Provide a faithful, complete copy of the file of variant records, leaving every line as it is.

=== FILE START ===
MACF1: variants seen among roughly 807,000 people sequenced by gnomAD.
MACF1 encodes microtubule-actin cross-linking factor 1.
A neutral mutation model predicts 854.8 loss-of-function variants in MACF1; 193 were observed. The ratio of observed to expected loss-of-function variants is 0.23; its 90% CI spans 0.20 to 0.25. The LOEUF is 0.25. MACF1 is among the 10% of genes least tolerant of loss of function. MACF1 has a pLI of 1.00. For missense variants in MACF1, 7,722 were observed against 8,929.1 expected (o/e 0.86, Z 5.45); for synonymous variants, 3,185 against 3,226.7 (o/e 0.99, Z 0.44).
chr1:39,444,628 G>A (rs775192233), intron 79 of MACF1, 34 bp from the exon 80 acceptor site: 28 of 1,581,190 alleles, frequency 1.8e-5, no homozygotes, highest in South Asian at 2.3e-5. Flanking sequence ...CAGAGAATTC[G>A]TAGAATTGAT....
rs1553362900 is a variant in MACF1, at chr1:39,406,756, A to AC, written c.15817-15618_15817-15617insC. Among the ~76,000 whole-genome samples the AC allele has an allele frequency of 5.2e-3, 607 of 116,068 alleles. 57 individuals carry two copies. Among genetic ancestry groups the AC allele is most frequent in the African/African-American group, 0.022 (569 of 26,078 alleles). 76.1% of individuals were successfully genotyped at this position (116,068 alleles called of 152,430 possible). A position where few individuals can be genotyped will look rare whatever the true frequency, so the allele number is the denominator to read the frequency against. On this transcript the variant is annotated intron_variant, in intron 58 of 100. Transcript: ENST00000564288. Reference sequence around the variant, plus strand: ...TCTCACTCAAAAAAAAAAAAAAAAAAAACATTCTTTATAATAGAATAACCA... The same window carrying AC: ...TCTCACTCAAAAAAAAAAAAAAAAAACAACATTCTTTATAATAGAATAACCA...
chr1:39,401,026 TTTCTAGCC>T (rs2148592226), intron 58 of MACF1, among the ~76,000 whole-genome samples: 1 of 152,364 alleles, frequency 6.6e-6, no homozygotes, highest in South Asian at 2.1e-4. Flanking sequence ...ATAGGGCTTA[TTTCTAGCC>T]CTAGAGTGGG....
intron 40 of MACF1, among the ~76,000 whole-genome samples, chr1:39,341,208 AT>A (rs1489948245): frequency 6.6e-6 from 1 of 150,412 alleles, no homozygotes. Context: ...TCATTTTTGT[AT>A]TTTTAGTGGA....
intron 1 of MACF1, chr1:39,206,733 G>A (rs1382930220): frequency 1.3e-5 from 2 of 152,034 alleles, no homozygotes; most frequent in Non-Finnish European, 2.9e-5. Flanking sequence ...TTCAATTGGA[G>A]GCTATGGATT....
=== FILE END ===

MACF1: variants seen among roughly 807,000 people sequenced by gnomAD.
MACF1 encodes microtubule-actin cross-linking factor 1.
A neutral mutation model predicts 854.8 loss-of-function variants in MACF1; 193 were observed. The ratio of observed to expected loss-of-function variants is 0.23; its 90% CI spans 0.20 to 0.25. The LOEUF is 0.25. MACF1 is among the 10% of genes least tolerant of loss of function. MACF1 has a pLI of 1.00. For missense variants in MACF1, 7,722 were observed against 8,929.1 expected (o/e 0.86, Z 5.45); for synonymous variants, 3,185 against 3,226.7 (o/e 0.99, Z 0.44).
chr1:39,444,628 G>A (rs775192233), intron 79 of MACF1, 34 bp from the exon 80 acceptor site: 28 of 1,581,190 alleles, frequency 1.8e-5, no homozygotes, highest in South Asian at 2.3e-5. Flanking sequence ...CAGAGAATTC[G>A]TAGAATTGAT....
rs1553362900 is a variant in MACF1, at chr1:39,406,756, A to AC, written c.15817-15618_15817-15617insC. Among the ~76,000 whole-genome samples the AC allele has an allele frequency of 5.2e-3, 607 of 116,068 alleles. 57 individuals carry two copies. Among genetic ancestry groups the AC allele is most frequent in the African/African-American group, 0.022 (569 of 26,078 alleles). 76.1% of individuals were successfully genotyped at this position (116,068 alleles called of 152,430 possible). A position where few individuals can be genotyped will look rare whatever the true frequency, so the allele number is the denominator to read the frequency against. On this transcript the variant is annotated intron_variant, in intron 58 of 100. Transcript: ENST00000564288. Reference sequence around the variant, plus strand: ...TCTCACTCAAAAAAAAAAAAAAAAAAAACATTCTTTATAATAGAATAACCA... The same window carrying AC: ...TCTCACTCAAAAAAAAAAAAAAAAAACAACATTCTTTATAATAGAATAACCA...
chr1:39,401,026 TTTCTAGCC>T (rs2148592226), intron 58 of MACF1, among the ~76,000 whole-genome samples: 1 of 152,364 alleles, frequency 6.6e-6, no homozygotes, highest in South Asian at 2.1e-4. Flanking sequence ...ATAGGGCTTA[TTTCTAGCC>T]CTAGAGTGGG....
intron 40 of MACF1, among the ~76,000 whole-genome samples, chr1:39,341,208 AT>A (rs1489948245): frequency 6.6e-6 from 1 of 150,412 alleles, no homozygotes. Context: ...TCATTTTTGT[AT>A]TTTTAGTGGA....
intron 1 of MACF1, chr1:39,206,733 G>A (rs1382930220): frequency 1.3e-5 from 2 of 152,034 alleles, no homozygotes; most frequent in Non-Finnish European, 2.9e-5. Flanking sequence ...TTCAATTGGA[G>A]GCTATGGATT....